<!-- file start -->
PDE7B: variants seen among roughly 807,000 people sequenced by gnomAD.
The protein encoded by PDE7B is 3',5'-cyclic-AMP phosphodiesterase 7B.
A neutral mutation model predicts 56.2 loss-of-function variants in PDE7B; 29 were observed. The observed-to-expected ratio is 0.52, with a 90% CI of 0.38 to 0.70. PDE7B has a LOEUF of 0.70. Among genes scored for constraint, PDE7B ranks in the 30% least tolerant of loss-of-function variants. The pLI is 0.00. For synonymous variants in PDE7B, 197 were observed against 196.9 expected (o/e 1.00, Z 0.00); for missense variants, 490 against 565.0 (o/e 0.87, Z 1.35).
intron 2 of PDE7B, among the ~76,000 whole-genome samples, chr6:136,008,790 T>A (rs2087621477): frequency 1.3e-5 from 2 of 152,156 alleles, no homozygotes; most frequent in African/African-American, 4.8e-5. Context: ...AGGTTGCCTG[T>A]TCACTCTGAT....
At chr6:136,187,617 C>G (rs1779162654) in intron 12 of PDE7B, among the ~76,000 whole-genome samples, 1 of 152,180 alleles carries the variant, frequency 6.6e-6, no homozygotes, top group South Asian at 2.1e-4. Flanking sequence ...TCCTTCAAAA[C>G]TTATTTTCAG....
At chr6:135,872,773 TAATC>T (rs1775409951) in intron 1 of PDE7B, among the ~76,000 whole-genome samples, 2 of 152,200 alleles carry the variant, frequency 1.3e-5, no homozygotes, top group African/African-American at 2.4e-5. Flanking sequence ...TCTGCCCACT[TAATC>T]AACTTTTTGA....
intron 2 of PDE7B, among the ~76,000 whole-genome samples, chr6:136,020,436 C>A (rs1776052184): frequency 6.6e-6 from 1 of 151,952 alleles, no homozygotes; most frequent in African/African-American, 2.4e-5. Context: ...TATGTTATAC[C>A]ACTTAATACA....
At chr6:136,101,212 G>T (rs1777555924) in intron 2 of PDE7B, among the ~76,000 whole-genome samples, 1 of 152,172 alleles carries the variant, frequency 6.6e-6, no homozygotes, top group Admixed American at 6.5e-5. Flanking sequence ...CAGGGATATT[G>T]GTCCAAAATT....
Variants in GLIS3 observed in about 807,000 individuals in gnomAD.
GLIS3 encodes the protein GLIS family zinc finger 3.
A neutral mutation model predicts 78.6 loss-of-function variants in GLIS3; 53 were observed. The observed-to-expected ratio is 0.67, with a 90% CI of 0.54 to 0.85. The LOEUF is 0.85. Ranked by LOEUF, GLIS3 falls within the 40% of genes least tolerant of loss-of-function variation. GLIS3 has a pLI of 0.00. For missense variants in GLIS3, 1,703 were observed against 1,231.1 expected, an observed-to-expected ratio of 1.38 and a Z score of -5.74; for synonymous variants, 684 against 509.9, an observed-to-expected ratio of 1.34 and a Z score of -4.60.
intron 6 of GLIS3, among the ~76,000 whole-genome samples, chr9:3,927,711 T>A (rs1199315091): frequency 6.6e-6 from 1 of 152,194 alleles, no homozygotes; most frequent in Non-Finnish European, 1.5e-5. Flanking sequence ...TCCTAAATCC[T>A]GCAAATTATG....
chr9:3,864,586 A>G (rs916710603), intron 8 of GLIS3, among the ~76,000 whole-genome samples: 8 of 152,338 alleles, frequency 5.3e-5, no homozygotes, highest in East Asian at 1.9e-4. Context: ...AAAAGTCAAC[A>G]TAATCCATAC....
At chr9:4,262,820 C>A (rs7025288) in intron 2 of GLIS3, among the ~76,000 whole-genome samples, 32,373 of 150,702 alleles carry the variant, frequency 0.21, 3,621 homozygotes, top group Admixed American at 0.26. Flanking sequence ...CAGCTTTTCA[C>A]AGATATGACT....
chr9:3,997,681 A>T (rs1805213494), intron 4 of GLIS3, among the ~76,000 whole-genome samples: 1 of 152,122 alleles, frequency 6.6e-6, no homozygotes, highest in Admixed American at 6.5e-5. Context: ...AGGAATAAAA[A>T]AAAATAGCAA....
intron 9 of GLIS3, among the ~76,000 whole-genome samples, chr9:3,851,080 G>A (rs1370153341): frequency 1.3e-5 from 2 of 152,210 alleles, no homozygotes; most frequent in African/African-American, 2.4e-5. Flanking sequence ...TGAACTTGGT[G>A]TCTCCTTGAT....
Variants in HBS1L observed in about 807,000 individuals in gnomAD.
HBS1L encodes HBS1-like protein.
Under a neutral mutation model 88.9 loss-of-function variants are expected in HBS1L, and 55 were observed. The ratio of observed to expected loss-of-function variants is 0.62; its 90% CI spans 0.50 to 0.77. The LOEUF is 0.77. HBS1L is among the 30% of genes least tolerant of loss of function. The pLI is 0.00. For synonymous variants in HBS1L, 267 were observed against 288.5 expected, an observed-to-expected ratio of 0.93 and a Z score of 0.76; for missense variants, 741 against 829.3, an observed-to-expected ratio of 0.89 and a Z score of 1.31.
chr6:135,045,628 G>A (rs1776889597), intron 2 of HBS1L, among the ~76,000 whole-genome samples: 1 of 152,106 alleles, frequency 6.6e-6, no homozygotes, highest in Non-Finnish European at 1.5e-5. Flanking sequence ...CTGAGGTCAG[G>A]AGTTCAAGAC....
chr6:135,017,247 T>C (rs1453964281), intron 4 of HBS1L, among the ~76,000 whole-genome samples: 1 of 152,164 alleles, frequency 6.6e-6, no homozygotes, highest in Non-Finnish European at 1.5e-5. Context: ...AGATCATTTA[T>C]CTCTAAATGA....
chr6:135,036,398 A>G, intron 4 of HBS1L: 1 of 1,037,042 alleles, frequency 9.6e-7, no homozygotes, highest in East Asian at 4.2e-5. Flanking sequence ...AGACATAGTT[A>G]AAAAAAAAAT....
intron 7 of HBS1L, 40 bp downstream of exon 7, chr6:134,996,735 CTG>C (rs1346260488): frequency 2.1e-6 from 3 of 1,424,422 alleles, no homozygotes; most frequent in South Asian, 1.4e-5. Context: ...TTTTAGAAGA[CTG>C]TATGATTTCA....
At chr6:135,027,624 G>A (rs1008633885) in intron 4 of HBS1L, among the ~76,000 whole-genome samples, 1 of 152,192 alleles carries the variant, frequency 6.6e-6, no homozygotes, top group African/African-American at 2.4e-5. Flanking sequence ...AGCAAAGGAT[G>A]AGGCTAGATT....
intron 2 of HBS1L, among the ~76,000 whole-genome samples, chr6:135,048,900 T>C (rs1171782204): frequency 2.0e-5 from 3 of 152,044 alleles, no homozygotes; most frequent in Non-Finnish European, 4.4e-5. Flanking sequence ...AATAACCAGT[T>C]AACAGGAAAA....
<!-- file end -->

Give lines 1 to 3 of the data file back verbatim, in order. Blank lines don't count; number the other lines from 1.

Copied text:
PDE7B: variants seen among roughly 807,000 people sequenced by gnomAD.
The protein encoded by PDE7B is 3',5'-cyclic-AMP phosphodiesterase 7B.
A neutral mutation model predicts 56.2 loss-of-function variants in PDE7B; 29 were observed. The observed-to-expected ratio is 0.52, with a 90% CI of 0.38 to 0.70. PDE7B has a LOEUF of 0.70. Among genes scored for constraint, PDE7B ranks in the 30% least tolerant of loss-of-function variants. The pLI is 0.00. For synonymous variants in PDE7B, 197 were observed against 196.9 expected (o/e 1.00, Z 0.00); for missense variants, 490 against 565.0 (o/e 0.87, Z 1.35).